Memorial concert to honor deceased U electrical engineering professor

Former electrical engineering professor Allen Nussbaum was interested in optics.

Matt Graham

A memorial concert will take place Sunday to honor a recently deceased University electrical engineering professor.

Allen Nussbaum died Jan. 5 of bone cancer after being diagnosed in December.

Nussbaum, who retired in 1988, worked on semiconductor and optic technology while at the University.

“He was interested in the (optics) design process,” said William Peria, an electrical and computer engineering professor. “(Optics) could be just about anything, be it telescopes or copying machines.”

Nussbaum learned about radar in England during World War II. Afterward, he earned his doctorate in physics from the University of Pennsylvania.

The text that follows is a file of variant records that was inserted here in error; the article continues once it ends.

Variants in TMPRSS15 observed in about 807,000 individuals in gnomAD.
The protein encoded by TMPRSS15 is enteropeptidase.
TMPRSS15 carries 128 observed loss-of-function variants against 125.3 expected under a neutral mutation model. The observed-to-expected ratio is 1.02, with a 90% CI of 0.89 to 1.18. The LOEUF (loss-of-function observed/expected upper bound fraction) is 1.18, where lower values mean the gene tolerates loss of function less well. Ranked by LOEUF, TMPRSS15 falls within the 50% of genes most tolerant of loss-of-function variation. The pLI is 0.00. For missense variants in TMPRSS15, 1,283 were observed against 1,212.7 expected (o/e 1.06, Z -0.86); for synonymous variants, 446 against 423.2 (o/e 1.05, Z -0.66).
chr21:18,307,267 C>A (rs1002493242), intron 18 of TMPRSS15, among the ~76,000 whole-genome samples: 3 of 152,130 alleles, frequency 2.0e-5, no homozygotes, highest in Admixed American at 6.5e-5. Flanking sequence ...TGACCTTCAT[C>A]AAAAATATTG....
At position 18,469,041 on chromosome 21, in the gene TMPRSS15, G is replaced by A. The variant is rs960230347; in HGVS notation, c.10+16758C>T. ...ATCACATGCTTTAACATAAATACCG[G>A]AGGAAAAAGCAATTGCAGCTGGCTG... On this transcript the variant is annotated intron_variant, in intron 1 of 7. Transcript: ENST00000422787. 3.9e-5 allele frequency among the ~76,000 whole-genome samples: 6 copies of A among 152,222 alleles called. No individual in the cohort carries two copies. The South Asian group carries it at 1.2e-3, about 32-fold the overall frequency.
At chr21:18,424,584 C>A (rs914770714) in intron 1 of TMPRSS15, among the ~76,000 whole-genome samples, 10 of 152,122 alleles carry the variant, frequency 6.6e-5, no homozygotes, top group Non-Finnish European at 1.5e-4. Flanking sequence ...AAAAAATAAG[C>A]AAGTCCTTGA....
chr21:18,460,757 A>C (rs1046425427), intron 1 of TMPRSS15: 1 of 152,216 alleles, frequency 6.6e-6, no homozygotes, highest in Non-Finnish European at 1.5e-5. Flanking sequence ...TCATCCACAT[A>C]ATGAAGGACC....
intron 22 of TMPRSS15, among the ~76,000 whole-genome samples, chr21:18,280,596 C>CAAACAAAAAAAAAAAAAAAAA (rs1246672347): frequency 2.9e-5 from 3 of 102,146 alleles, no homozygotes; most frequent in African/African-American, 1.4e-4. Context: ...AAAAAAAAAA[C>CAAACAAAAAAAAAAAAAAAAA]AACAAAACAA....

He came to Minneapolis in 1953 to work on transistors for Honeywell. In 1962, he started teaching at the University of Minnesota, where he began his research on optics.

Nussbaum taught optics, traditionally a discipline of physics, to computer engineering students because of the emergence of fiber-optics technology.

Nussbaum retired in 1988 after 20 years as the department’s director of graduate studies but continued to teach University of Minnesota students until last year, even grading papers while sick in the hospital.

The memorial will be held in Nussbaum’s honor Sunday in the West Wing of the Campus Club. It will be open to the public and feature a performance of Ludwig Van Beethoven’s “Archduke” trio, as was Nussbaum’s wish.

“My dad didn’t want to have a funeral, but he wanted to have a concert,” said Nussbaum’s son, Peter Nussbaum.

He said his father was “a lifelong classical music fan,” who first met his future wife in a classical-music library while stationed in England during World War II.

Allen Nussbaum is survived by wife Barbara Nussbaum, of Edina, Minn.; sons Peter Nussbaum and David Nussbaum, of Minneapolis; daughter Elizabeth Bachman, of New York; four grandchildren and one great-grandchild.